Your position in SCUA – what you do and some of your daily responsibilities
I am the Instruction and Outreach Librarian. I administer our primary source instruction program, website, social media, events, exhibitions, and other outreach. I teach one-shot sessions to help students learn how to use archival items to answer their research questions, to find archival items in ours and others’ collections, and to use archival items responsibly. I help others with their instruction planning. I manage website development and maintenance and advise on development and implementation of web tools, such as our archival databases. I oversee and advise the work in our exhibition program, both in our gallery and in our small exhibit cases inside the reading room. I identify opportunities for events, lead the planning, and execute those events. I created our social media program which is now managed by various social media administrations. I advise at a top level on our SCUA accounts and contribute content occasionally.
In your position, what does social justice in the archive mean?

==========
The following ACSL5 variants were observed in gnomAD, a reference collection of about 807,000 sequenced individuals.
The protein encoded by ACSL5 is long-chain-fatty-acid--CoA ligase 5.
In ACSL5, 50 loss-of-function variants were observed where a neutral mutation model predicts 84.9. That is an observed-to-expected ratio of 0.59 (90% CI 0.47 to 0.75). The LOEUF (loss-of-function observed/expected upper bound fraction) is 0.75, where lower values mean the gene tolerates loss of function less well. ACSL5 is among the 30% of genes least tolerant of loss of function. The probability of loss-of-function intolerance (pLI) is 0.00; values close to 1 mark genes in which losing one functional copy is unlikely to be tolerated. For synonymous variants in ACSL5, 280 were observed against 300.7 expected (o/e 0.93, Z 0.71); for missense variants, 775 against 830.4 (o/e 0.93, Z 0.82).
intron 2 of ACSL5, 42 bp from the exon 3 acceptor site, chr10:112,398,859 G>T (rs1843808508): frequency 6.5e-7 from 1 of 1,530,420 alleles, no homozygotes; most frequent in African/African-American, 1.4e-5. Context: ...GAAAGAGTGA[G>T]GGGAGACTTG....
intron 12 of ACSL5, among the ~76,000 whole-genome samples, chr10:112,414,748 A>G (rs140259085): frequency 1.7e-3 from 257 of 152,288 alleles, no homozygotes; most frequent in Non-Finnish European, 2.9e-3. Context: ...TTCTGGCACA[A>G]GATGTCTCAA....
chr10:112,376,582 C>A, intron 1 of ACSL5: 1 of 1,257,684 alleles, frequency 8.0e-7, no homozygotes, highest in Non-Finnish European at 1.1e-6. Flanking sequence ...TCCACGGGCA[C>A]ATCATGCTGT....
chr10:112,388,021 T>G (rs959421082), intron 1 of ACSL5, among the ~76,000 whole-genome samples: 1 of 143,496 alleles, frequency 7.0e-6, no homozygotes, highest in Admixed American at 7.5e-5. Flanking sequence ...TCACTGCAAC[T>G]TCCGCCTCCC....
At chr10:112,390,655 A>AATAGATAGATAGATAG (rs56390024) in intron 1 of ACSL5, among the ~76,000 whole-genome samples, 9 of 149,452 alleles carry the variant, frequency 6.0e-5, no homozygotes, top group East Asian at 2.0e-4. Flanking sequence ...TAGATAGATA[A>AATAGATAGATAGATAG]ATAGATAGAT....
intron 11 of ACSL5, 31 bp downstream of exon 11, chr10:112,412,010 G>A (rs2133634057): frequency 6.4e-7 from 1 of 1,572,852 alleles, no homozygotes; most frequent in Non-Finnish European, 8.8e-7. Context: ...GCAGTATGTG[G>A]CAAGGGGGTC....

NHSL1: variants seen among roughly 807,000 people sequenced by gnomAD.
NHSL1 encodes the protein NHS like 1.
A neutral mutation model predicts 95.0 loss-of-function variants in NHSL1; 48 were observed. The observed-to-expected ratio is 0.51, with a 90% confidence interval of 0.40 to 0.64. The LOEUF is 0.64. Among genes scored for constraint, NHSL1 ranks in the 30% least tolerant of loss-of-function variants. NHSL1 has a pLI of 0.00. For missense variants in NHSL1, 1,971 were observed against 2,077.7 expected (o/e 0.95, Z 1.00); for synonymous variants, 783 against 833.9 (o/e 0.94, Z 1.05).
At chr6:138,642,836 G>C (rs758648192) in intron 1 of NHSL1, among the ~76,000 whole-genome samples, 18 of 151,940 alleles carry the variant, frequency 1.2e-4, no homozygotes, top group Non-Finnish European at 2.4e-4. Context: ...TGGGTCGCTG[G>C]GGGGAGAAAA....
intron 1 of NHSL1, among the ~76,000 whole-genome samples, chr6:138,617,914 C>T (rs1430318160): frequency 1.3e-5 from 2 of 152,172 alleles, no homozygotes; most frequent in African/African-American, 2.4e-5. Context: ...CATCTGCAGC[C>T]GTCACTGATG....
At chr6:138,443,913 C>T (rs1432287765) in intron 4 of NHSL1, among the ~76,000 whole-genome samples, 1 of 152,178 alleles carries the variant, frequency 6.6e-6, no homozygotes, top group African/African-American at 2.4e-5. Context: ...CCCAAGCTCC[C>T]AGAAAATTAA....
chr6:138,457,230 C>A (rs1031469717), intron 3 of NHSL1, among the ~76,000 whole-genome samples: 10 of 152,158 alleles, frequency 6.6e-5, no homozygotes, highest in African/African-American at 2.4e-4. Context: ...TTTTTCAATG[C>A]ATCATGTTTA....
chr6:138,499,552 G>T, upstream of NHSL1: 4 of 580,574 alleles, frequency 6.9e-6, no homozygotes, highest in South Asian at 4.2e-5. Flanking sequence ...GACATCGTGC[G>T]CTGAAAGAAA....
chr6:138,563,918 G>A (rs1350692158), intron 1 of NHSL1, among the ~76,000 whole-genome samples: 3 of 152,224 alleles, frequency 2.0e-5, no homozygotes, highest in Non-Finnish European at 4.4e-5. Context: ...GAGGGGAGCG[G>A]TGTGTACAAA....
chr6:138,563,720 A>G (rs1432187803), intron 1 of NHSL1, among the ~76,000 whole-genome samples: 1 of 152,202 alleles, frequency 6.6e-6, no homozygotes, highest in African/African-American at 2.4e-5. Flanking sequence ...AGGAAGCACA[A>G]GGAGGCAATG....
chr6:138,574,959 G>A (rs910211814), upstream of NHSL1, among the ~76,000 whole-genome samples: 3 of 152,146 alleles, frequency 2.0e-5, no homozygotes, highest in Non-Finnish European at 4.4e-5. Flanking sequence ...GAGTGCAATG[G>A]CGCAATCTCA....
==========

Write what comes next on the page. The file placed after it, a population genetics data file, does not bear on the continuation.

In regards to instruction, social justice is central to how we teach students to use the archive. Over the past few years, my colleagues and I have worked to focus our instruction around archival ethics and empathy, feature material that represents a wide range of experiences, and expose gaps and absences while encouraging learners to consider how and why those absences exist. We want to ensure that future researchers approach all archives with a critical eye and can more easily. For example, I have had students explore exhibition webpages, like this one, select an item and do a primary source analysis. When they look at what we have, who created the item, and whose viewpoint is represented by these items, it can help them understand issues of archival absences more deeply.